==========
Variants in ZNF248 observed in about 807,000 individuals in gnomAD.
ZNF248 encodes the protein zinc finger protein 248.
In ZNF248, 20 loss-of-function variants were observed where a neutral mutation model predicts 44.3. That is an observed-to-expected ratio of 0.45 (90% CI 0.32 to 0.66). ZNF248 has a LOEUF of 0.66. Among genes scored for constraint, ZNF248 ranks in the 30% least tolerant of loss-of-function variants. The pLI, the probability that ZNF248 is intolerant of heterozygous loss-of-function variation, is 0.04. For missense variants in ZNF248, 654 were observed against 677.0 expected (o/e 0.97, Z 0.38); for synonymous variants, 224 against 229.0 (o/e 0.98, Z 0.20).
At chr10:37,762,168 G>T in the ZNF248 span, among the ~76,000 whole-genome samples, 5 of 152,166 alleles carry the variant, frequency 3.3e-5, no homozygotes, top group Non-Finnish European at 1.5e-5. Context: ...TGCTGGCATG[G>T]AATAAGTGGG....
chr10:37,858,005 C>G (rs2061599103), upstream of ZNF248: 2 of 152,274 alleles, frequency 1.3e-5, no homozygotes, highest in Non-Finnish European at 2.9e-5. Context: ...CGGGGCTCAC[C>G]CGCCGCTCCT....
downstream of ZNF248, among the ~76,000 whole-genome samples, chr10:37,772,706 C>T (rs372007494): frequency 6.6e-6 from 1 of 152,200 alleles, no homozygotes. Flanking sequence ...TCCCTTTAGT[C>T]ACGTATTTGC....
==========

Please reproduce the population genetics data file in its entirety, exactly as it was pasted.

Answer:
Variants in ZNF248 observed in about 807,000 individuals in gnomAD.
ZNF248 encodes the protein zinc finger protein 248.
In ZNF248, 20 loss-of-function variants were observed where a neutral mutation model predicts 44.3. That is an observed-to-expected ratio of 0.45 (90% CI 0.32 to 0.66). ZNF248 has a LOEUF of 0.66. Among genes scored for constraint, ZNF248 ranks in the 30% least tolerant of loss-of-function variants. The pLI, the probability that ZNF248 is intolerant of heterozygous loss-of-function variation, is 0.04. For missense variants in ZNF248, 654 were observed against 677.0 expected (o/e 0.97, Z 0.38); for synonymous variants, 224 against 229.0 (o/e 0.98, Z 0.20).
At chr10:37,762,168 G>T in the ZNF248 span, among the ~76,000 whole-genome samples, 5 of 152,166 alleles carry the variant, frequency 3.3e-5, no homozygotes, top group Non-Finnish European at 1.5e-5. Context: ...TGCTGGCATG[G>T]AATAAGTGGG....
chr10:37,858,005 C>G (rs2061599103), upstream of ZNF248: 2 of 152,274 alleles, frequency 1.3e-5, no homozygotes, highest in Non-Finnish European at 2.9e-5. Context: ...CGGGGCTCAC[C>G]CGCCGCTCCT....
downstream of ZNF248, among the ~76,000 whole-genome samples, chr10:37,772,706 C>T (rs372007494): frequency 6.6e-6 from 1 of 152,200 alleles, no homozygotes. Flanking sequence ...TCCCTTTAGT[C>T]ACGTATTTGC....